A family farm that has been producing soft fruits for 75 years has said rising costs have forced it to stop growing berries.
Starkey's Fruit, near Southwell, in Nottinghamshire, said it has recently lost traditional sources of seasonal workers.
Suzanna Starkey said wages had gone up and, along with low prices from buyers, this made the business unsustainable.
The farm will remain open and produce other fruit, such as Bramley apples.
For decades, Starkey's Fruit has grown blackberries, raspberries and strawberries for supermarkets, farm shops and wholesalers.
In recent years it was growing about 800 tonnes of soft fruit in polytunnels.
But Ms Starkey, sales director for the farm, said the business has been "squashed at both ends", with rising wages for pickers meeting inadequate prices from buyers.
She said traditionally they would use up to 140 pickers, mostly from the EU.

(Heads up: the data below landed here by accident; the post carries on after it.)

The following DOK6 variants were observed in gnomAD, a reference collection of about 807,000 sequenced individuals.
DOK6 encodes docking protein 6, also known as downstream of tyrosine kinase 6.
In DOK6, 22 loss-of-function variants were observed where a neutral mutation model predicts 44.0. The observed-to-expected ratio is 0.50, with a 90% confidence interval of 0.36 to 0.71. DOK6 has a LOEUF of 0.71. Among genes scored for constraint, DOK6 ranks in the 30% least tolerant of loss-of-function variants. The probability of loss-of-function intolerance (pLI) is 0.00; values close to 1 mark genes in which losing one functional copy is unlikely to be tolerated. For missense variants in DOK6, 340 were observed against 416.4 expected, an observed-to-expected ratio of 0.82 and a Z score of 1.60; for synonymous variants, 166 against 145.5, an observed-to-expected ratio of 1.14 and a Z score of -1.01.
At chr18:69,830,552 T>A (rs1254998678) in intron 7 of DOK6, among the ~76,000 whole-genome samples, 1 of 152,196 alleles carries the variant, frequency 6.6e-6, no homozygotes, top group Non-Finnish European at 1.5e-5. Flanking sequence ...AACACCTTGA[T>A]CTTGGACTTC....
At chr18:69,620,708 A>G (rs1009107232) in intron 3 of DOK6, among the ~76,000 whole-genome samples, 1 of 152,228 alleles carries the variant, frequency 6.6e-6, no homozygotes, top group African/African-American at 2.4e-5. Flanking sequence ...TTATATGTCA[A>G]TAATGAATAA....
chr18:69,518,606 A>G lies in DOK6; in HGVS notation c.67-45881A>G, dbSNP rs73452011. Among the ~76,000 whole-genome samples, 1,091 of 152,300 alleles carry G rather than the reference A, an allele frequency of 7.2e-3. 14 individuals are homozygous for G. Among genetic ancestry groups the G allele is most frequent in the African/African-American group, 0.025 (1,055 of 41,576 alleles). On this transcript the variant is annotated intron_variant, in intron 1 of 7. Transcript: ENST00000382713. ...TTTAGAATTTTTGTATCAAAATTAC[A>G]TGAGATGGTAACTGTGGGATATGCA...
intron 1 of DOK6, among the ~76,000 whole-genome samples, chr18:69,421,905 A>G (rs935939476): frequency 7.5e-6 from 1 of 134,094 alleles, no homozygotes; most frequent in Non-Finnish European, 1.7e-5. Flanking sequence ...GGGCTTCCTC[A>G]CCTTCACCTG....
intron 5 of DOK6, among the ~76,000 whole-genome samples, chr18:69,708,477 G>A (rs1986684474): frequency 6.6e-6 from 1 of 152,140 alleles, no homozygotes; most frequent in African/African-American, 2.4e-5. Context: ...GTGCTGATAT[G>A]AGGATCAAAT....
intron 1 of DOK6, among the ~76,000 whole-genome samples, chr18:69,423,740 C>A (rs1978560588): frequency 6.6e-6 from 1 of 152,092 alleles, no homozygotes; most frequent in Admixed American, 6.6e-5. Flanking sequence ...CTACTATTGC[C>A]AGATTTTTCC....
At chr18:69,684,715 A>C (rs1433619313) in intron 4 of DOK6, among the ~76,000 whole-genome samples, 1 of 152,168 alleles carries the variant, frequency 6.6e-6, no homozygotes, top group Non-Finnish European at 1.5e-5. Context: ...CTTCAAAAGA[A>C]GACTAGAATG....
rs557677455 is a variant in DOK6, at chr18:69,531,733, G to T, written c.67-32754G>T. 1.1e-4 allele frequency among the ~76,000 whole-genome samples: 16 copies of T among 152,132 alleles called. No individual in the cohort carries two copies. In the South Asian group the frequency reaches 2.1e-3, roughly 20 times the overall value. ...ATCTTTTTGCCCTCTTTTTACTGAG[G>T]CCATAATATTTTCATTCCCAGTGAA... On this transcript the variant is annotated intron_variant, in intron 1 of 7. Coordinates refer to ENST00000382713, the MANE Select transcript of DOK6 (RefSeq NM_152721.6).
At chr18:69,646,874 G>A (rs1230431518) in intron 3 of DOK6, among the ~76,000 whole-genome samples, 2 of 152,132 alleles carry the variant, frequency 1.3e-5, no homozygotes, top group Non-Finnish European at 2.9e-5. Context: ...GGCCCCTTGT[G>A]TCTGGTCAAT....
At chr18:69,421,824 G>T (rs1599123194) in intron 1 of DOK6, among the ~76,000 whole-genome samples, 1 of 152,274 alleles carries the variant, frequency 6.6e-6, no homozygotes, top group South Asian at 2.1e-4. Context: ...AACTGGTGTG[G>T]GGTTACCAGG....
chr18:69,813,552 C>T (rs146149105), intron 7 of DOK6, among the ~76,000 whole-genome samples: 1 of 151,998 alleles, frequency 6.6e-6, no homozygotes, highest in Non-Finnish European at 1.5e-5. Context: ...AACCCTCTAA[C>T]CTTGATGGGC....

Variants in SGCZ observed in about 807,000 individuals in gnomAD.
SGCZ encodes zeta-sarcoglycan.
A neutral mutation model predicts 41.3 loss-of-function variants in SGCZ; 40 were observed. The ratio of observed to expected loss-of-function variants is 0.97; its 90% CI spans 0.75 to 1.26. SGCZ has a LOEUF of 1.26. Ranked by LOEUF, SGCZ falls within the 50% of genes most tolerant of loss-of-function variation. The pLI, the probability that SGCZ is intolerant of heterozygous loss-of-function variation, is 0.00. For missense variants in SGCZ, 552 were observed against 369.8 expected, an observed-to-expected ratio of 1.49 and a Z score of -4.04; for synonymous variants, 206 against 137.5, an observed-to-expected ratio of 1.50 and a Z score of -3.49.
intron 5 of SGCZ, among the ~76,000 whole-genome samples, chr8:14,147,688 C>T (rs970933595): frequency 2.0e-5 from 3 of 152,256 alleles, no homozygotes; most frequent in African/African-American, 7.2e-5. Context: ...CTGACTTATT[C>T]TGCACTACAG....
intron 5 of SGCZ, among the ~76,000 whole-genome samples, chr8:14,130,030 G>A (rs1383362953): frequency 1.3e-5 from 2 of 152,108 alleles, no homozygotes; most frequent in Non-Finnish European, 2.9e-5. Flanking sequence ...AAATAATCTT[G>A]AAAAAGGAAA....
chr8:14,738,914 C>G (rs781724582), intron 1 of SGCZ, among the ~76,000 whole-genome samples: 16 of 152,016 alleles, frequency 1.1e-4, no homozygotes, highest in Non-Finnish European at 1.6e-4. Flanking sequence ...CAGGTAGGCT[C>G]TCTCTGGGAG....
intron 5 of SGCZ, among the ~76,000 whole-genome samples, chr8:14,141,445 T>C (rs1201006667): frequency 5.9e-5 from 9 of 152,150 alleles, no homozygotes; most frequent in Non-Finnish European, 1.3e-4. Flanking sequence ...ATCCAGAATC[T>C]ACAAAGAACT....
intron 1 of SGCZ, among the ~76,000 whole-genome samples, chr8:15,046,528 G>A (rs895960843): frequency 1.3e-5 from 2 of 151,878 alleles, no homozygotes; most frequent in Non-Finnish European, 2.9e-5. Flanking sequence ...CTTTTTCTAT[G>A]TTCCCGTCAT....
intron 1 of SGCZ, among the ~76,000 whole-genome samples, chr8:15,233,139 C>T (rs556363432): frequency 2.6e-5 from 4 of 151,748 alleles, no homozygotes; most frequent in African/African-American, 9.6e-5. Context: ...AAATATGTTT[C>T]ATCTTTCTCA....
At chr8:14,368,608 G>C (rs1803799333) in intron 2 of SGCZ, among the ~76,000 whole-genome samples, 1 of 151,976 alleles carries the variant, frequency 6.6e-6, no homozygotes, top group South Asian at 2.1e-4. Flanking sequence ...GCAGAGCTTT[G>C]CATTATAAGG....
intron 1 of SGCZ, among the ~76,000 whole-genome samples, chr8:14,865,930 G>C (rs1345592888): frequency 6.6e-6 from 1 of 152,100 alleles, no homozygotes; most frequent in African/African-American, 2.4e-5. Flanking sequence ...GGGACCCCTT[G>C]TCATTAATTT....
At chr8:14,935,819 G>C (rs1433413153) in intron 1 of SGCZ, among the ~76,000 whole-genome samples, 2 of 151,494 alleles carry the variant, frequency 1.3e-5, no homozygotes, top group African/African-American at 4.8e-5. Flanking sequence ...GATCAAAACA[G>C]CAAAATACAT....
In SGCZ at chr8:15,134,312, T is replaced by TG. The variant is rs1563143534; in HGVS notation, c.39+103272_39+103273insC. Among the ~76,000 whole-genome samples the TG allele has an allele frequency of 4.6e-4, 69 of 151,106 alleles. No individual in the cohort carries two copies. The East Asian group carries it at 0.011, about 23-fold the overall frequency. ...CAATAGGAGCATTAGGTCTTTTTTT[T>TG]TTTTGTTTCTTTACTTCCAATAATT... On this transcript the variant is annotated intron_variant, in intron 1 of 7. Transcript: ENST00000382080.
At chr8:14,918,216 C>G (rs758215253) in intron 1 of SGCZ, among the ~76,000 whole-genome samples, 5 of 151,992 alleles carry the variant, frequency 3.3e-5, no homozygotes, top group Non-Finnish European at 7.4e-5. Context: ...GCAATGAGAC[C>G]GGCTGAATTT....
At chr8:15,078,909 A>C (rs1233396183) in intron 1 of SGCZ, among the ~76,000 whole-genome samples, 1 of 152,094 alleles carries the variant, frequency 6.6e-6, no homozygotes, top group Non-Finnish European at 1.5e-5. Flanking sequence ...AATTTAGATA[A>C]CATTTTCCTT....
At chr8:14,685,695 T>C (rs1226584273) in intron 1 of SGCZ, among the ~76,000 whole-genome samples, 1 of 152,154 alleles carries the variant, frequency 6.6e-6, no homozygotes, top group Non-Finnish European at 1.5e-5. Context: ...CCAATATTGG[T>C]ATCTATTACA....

"Many of them had come to us for years, they knew it was a good place to work," Ms Starkey said.
"But with Brexit it became more difficult and they just did not feel welcome."
The farm then used agency workers from further afield but the costs had soared.
"The prices are set by marketing groups, we have no say in that - and it was clear the situation was only going to get worse.
"So we have sold our growing frames abroad, so perhaps in Romania or somewhere they are growing strawberries for our supermarkets with our frames, which is ironic," Ms Starkey added.
She said the decision to stop growing soft fruits has been "emotional", with the fields that would normally be laden with fruit at this time of year being left empty.
"It's been with a heavy heart that we've had to make the decision to cease production of the berries," she said.
"We would be sending them out by now, and instead we've got bare fields."